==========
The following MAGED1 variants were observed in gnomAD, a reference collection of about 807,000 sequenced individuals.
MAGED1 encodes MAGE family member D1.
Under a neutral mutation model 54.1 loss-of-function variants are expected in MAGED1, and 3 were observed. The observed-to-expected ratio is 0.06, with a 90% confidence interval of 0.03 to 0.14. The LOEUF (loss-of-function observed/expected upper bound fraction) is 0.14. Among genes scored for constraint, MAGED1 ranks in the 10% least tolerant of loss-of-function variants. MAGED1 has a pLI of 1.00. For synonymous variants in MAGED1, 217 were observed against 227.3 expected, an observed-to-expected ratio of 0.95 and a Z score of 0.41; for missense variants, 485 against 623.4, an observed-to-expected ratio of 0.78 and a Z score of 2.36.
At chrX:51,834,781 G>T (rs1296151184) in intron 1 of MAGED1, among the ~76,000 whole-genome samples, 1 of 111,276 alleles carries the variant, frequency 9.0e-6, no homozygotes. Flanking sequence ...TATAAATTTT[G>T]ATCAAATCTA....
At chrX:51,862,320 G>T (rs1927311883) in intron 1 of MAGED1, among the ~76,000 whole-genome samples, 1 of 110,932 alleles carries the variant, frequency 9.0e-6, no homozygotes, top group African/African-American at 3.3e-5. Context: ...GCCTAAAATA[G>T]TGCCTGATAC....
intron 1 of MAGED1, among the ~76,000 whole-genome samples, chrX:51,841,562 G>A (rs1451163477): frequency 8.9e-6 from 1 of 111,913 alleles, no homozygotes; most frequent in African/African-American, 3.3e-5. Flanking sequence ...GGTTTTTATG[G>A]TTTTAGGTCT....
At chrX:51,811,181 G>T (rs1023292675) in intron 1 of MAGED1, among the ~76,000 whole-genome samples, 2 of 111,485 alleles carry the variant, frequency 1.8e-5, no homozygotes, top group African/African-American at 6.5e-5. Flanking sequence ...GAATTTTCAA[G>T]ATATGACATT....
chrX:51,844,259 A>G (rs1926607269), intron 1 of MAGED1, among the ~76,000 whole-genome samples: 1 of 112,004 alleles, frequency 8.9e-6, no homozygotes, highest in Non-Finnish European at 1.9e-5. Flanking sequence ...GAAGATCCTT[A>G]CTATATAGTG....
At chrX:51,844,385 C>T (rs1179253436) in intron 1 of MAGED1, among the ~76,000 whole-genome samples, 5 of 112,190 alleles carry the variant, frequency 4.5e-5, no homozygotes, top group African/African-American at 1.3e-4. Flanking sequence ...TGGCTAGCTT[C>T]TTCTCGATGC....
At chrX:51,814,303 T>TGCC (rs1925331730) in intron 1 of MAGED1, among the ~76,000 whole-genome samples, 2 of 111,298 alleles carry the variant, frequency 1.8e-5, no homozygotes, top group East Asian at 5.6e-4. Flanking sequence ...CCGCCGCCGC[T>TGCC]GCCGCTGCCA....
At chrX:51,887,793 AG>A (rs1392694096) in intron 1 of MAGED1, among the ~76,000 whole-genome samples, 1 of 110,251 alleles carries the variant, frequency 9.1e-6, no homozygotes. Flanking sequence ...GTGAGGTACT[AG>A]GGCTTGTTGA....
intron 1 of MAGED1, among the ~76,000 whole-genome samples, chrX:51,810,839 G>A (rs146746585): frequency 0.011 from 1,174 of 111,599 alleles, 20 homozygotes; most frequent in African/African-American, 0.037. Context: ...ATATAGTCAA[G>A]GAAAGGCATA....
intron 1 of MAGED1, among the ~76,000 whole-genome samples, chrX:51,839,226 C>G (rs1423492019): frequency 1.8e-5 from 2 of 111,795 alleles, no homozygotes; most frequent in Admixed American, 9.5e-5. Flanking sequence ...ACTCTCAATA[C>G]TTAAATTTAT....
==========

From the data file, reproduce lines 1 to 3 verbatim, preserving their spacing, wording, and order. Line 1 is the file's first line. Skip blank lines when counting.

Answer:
The following MAGED1 variants were observed in gnomAD, a reference collection of about 807,000 sequenced individuals.
MAGED1 encodes MAGE family member D1.
Under a neutral mutation model 54.1 loss-of-function variants are expected in MAGED1, and 3 were observed. The observed-to-expected ratio is 0.06, with a 90% confidence interval of 0.03 to 0.14. The LOEUF (loss-of-function observed/expected upper bound fraction) is 0.14. Among genes scored for constraint, MAGED1 ranks in the 10% least tolerant of loss-of-function variants. MAGED1 has a pLI of 1.00. For synonymous variants in MAGED1, 217 were observed against 227.3 expected, an observed-to-expected ratio of 0.95 and a Z score of 0.41; for missense variants, 485 against 623.4, an observed-to-expected ratio of 0.78 and a Z score of 2.36.